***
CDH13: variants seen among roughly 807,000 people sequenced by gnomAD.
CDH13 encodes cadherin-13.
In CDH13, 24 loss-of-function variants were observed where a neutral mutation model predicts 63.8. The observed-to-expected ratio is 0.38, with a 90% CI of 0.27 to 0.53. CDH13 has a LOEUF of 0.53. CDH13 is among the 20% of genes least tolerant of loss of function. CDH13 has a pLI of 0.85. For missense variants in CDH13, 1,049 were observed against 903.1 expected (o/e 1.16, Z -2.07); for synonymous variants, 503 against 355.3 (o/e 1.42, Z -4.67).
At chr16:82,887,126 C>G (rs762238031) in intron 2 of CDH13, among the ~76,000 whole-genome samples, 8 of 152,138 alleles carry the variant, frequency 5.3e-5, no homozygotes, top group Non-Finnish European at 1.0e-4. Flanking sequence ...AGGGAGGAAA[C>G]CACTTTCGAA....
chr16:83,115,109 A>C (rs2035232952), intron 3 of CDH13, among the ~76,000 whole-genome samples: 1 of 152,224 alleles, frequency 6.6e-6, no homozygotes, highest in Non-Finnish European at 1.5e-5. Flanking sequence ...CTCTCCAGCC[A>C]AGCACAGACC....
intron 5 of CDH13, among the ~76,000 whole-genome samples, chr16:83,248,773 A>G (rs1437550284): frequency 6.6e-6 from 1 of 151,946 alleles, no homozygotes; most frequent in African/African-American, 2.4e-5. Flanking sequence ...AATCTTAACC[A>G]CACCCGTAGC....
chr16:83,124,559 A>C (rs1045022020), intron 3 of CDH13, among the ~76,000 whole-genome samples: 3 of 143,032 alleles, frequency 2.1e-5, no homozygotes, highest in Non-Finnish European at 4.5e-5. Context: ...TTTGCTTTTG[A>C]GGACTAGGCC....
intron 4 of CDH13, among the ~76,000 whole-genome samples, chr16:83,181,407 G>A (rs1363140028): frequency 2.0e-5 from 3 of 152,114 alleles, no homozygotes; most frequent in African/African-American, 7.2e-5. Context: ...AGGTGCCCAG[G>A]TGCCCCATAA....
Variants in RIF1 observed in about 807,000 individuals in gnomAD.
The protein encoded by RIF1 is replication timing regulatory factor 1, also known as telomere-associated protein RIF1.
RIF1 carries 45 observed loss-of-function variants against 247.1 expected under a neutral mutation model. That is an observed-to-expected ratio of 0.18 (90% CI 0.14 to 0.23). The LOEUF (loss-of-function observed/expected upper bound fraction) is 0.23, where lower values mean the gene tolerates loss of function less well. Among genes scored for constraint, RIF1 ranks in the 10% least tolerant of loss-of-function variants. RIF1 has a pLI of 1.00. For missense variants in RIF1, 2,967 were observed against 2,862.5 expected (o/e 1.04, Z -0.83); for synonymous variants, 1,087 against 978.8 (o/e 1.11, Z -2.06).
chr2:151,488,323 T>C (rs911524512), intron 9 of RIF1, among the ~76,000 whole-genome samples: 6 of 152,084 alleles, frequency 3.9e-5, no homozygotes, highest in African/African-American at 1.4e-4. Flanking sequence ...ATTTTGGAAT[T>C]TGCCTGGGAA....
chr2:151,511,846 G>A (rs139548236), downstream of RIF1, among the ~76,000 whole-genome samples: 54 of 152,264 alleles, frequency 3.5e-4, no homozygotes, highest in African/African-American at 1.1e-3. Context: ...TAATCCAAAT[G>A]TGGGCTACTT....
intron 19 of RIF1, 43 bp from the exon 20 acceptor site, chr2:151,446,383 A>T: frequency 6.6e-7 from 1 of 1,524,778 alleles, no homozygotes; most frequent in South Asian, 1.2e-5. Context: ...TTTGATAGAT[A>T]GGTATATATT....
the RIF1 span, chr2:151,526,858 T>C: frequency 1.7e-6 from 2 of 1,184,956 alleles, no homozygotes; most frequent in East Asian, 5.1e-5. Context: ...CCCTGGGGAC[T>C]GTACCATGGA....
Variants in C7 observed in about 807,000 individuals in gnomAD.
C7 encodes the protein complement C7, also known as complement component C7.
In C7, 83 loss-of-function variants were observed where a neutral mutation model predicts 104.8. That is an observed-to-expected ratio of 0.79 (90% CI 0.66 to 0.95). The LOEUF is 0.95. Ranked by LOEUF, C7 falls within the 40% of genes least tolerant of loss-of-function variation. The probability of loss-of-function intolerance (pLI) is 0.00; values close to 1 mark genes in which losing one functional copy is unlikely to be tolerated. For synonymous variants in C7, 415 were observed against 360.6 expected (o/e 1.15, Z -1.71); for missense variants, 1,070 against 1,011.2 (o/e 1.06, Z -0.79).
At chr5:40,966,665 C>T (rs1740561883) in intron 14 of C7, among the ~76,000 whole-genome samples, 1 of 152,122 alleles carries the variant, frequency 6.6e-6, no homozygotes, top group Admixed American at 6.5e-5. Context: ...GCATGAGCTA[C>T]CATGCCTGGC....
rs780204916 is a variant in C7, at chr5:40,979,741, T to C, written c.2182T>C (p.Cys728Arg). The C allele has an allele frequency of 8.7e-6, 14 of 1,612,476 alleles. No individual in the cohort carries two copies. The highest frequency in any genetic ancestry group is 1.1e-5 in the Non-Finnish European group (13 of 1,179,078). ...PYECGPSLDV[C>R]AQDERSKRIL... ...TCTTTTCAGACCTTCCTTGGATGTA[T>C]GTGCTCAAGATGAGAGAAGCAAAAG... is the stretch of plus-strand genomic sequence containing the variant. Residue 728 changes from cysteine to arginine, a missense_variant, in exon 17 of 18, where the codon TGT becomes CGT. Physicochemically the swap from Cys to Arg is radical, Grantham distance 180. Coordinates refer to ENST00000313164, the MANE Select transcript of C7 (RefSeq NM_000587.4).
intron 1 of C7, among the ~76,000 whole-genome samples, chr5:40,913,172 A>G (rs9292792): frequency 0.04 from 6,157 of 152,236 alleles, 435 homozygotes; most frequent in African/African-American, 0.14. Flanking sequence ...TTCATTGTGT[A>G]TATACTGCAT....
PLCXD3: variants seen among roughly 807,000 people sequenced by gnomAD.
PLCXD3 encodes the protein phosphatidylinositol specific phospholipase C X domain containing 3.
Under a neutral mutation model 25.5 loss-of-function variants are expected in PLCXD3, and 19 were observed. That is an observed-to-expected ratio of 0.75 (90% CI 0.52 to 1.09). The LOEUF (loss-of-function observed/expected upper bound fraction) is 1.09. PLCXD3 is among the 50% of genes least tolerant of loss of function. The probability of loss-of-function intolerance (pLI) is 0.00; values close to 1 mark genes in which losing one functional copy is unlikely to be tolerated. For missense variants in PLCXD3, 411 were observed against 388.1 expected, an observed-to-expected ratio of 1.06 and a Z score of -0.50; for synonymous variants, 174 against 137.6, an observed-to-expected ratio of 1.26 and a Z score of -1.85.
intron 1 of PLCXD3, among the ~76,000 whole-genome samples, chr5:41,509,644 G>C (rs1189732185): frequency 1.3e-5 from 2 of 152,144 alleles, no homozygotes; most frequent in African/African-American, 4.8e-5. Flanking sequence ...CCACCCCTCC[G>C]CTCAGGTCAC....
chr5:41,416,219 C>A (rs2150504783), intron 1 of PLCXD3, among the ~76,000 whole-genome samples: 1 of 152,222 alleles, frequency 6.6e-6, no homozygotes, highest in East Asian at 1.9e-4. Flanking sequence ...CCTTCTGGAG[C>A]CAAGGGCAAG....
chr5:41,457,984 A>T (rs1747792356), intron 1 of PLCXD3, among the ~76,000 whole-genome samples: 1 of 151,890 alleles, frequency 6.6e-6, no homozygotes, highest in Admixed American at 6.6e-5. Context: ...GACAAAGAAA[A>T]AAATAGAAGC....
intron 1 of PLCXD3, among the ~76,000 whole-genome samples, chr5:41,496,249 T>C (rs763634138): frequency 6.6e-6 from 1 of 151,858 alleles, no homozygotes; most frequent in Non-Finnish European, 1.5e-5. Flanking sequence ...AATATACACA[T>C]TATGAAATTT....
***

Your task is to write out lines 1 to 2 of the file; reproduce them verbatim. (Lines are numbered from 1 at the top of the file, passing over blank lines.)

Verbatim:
CDH13: variants seen among roughly 807,000 people sequenced by gnomAD.
CDH13 encodes cadherin-13.